• On 1st January 1544, Wriothesley was made Baron Wriothesley of Titchfield and in 1545 was elevated to the Order of the Garter. In 1545, the king also stood as godfather to Wriothesley’s infant son, Henry.
  • Wriothesley worked with Stephen Gardiner, Edmund Bonner and Richard Rich in the king’s final years against religious reform and in 1546 offended the king when he arrested a member of his privy chamber, George Blagge, who was sentenced to burning for his reformed faith. The king ordered Wriothesley to draw up a pardon for the man. He was also involved in the case of famous Protestant martyr, Anne Askew, examining her and being involved with Rich in her racking. However, he was also active in working against Catholics, punishing one for allegedly faking a miracle.
  • In 1546, Wriothesley was involved with Bishop Gardiner in the plot against Catherine Parr and suffered the king’s wrath when he was one of those who attempted to arrest her.
  • In the king’s dying days, Wriothesley arrested Henry Howard, Earl of Surrey, and sat on the commission that tried him and sentenced him to death.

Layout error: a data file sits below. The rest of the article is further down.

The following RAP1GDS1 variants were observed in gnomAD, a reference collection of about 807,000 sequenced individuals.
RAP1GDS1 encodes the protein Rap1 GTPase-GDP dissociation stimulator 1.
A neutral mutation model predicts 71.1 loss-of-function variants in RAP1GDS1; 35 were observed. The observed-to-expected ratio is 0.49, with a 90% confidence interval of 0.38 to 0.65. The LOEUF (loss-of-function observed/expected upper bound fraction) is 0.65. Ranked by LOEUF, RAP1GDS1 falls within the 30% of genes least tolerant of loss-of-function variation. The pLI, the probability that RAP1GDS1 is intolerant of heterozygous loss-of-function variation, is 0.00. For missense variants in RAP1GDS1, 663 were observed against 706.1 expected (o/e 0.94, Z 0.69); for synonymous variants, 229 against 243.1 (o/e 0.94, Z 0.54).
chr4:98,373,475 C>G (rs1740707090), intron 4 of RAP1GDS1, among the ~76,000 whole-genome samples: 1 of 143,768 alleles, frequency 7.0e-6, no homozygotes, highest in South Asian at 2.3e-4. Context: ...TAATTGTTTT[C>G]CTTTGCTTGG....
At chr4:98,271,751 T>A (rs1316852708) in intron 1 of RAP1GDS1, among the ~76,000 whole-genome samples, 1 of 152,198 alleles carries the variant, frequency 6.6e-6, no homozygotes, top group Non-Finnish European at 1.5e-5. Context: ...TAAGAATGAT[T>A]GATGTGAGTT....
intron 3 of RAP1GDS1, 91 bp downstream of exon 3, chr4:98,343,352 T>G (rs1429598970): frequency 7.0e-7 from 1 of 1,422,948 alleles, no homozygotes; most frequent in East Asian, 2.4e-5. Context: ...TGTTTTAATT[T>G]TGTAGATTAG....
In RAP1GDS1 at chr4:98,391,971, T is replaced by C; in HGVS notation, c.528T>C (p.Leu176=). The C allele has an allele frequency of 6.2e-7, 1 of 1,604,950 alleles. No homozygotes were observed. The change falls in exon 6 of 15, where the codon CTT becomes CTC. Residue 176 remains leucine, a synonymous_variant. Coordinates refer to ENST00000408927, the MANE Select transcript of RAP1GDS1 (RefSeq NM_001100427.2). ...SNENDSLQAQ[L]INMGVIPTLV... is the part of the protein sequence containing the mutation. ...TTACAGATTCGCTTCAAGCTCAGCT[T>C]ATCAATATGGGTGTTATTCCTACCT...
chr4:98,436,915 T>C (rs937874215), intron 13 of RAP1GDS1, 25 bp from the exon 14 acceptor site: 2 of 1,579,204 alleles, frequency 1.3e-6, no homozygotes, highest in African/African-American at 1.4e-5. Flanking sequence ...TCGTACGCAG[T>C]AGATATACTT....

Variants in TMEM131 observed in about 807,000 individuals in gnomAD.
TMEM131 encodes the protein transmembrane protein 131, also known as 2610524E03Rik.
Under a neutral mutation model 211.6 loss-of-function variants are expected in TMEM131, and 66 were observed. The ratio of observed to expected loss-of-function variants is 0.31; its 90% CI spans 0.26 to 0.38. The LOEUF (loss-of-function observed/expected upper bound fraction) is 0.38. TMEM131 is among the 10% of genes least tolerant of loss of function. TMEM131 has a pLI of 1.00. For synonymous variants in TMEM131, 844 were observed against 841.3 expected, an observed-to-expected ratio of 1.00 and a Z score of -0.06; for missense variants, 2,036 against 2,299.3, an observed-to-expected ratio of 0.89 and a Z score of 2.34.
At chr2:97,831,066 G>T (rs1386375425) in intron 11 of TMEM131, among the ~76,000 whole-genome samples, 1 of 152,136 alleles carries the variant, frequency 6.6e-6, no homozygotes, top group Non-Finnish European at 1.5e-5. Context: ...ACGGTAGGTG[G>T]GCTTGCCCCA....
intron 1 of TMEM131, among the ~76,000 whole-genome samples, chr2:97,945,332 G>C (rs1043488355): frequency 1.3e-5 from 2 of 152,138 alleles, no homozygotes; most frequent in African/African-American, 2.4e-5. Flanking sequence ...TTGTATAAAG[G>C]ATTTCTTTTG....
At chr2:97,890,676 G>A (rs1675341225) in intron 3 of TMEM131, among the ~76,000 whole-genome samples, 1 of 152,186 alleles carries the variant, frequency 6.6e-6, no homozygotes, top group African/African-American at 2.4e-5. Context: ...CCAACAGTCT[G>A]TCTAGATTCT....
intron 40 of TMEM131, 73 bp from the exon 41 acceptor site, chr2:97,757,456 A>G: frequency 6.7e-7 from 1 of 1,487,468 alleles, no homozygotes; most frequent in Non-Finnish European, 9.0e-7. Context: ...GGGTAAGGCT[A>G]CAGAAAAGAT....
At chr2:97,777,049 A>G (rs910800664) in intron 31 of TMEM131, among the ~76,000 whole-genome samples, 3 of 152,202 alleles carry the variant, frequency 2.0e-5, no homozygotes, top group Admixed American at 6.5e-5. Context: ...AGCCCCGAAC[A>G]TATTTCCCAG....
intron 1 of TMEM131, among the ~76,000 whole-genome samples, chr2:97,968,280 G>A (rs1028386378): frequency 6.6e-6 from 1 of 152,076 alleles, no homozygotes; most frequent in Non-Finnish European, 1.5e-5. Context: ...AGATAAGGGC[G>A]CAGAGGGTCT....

• In Janaury 1547, as Lord Chancellor, he proclaimed the king’s death to parliament and on 16th February 1547 he was created Earl of Southampton. He bore the sword of state at Edward VI’s coronation, but then fell from power, losing the great seal on 6th. His fall allowed Edward Seymour to become leader of the king’s government.
  • He was released from house arrest in June 1547 and was back on the council by the beginning of 1549.
  • Although he viewed Somerset as his enemy, he did not get involved in Thomas Seymour’s scheming against his brother and was one of those who interrogated him following his arrest in 1549. After Somerset’s fall , Wriothesley did rise in favour, but his Catholic conservatism prevented a good relationship with John Dudley, who succeeded Somerset. In early 1550, Wriothesley and his conservative colleague, the Earl of Arundel, were expelled from court and put under house arrest. At this time, Wriothesley began suffering with ill health and he died at Lincoln House, his London residence, on 30th July 1550. He was buried first in London but then moved to Titchfield.
  • Trivia: Wriothesley is known as “Call me Risley” in Hilary Mantel’s Wolf Hall series.

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March 6 – Lord Chancellor Thomas Wriothesley is accused of abusing his authority